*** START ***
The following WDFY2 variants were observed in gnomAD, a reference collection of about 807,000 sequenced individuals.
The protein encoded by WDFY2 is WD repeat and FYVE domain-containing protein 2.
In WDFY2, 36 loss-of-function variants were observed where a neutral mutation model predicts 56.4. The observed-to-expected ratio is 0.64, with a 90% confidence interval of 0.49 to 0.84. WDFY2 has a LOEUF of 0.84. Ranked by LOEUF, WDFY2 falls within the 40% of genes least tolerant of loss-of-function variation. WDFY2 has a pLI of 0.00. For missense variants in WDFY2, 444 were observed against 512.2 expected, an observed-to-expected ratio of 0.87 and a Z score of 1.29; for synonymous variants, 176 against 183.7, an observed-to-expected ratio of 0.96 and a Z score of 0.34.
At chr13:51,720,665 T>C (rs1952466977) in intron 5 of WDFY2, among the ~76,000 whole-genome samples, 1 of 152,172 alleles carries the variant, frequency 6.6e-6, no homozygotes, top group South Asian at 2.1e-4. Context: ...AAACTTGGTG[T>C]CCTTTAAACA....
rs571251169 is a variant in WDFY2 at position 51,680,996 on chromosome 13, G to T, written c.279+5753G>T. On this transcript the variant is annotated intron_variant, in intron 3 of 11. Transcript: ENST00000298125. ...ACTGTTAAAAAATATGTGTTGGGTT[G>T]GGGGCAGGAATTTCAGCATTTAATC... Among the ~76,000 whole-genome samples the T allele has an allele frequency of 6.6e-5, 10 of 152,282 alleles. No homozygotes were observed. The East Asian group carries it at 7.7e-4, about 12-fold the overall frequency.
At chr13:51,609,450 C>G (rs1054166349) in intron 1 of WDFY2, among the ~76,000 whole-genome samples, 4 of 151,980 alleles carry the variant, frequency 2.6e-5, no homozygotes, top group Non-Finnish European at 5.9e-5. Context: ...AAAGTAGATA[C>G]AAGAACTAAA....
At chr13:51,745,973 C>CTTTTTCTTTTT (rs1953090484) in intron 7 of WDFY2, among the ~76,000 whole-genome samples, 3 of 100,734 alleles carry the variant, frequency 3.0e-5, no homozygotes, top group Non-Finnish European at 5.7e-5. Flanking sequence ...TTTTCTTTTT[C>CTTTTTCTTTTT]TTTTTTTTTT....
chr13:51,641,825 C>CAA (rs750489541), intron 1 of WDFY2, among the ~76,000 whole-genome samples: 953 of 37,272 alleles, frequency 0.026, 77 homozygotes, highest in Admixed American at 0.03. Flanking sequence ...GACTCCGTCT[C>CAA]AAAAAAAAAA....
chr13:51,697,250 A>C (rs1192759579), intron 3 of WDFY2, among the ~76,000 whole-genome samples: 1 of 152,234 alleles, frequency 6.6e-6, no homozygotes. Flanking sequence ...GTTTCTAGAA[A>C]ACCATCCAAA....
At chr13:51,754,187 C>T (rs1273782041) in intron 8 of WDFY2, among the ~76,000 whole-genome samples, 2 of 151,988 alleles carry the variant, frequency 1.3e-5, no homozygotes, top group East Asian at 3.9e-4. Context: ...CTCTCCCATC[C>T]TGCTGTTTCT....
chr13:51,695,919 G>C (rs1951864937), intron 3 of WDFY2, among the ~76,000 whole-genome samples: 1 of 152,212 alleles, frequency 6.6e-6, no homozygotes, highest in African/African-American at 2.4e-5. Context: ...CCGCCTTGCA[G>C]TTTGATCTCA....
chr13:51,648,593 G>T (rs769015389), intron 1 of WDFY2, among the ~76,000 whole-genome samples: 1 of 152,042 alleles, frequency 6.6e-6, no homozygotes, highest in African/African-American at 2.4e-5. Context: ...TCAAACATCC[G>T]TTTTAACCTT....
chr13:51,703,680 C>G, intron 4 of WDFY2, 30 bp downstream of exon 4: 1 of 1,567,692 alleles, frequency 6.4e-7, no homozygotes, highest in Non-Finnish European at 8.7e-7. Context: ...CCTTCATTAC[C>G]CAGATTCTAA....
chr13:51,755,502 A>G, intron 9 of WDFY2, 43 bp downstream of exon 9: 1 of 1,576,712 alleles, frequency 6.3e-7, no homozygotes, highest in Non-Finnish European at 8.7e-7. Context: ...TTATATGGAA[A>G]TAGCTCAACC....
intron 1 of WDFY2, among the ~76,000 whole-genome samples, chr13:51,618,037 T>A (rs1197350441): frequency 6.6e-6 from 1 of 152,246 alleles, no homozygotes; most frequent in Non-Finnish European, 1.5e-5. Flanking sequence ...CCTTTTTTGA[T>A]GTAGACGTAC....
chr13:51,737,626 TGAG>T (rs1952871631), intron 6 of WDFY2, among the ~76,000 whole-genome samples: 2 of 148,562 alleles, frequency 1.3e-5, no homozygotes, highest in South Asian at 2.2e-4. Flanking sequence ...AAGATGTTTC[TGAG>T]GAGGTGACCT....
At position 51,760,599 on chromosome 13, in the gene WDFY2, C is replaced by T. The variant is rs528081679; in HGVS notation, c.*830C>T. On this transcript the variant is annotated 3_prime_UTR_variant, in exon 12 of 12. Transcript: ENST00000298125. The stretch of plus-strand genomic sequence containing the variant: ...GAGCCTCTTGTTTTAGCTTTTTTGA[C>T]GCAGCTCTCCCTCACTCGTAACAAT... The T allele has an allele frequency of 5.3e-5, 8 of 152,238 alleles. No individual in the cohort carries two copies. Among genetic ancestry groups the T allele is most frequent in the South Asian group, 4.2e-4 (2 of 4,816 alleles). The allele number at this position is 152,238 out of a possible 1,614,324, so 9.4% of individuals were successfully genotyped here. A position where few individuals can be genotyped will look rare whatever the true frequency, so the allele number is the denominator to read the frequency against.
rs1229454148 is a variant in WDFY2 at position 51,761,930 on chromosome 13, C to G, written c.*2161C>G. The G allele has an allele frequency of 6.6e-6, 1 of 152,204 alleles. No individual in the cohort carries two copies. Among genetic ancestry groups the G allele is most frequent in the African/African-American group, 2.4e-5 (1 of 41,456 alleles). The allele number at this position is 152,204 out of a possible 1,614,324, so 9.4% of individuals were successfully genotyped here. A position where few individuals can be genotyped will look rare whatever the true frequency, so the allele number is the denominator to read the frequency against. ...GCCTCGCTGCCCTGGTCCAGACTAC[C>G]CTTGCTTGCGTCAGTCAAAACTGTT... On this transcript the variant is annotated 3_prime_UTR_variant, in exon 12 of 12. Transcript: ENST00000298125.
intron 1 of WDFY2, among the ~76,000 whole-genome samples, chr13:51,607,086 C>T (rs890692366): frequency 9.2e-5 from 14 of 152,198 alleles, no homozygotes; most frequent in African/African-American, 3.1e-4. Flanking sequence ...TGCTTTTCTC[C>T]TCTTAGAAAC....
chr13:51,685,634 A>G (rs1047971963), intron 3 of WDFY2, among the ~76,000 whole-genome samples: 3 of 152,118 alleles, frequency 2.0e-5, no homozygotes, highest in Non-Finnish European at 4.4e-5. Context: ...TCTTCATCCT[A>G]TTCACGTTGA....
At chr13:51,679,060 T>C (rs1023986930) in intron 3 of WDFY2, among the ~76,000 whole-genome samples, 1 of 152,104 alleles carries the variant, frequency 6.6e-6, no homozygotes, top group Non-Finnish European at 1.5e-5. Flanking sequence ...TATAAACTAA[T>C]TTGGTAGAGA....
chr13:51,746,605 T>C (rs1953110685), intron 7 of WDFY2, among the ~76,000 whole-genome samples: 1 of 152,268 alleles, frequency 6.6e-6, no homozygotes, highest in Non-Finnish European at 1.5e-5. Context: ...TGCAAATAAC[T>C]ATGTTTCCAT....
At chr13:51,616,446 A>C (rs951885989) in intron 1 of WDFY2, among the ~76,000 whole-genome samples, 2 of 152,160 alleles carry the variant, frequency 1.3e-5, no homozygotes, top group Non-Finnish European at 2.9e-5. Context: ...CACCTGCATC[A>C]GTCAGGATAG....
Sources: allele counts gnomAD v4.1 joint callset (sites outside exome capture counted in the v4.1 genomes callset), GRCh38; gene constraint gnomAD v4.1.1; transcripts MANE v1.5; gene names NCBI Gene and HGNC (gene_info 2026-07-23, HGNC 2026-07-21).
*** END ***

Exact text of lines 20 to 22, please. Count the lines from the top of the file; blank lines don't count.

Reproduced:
chr13:51,685,634 A>G (rs1047971963), intron 3 of WDFY2, among the ~76,000 whole-genome samples: 3 of 152,118 alleles, frequency 2.0e-5, no homozygotes, highest in Non-Finnish European at 4.4e-5. Context: ...TCTTCATCCT[A>G]TTCACGTTGA....
At chr13:51,679,060 T>C (rs1023986930) in intron 3 of WDFY2, among the ~76,000 whole-genome samples, 1 of 152,104 alleles carries the variant, frequency 6.6e-6, no homozygotes, top group Non-Finnish European at 1.5e-5. Flanking sequence ...TATAAACTAA[T>C]TTGGTAGAGA....
chr13:51,746,605 T>C (rs1953110685), intron 7 of WDFY2, among the ~76,000 whole-genome samples: 1 of 152,268 alleles, frequency 6.6e-6, no homozygotes, highest in Non-Finnish European at 1.5e-5. Context: ...TGCAAATAAC[T>C]ATGTTTCCAT....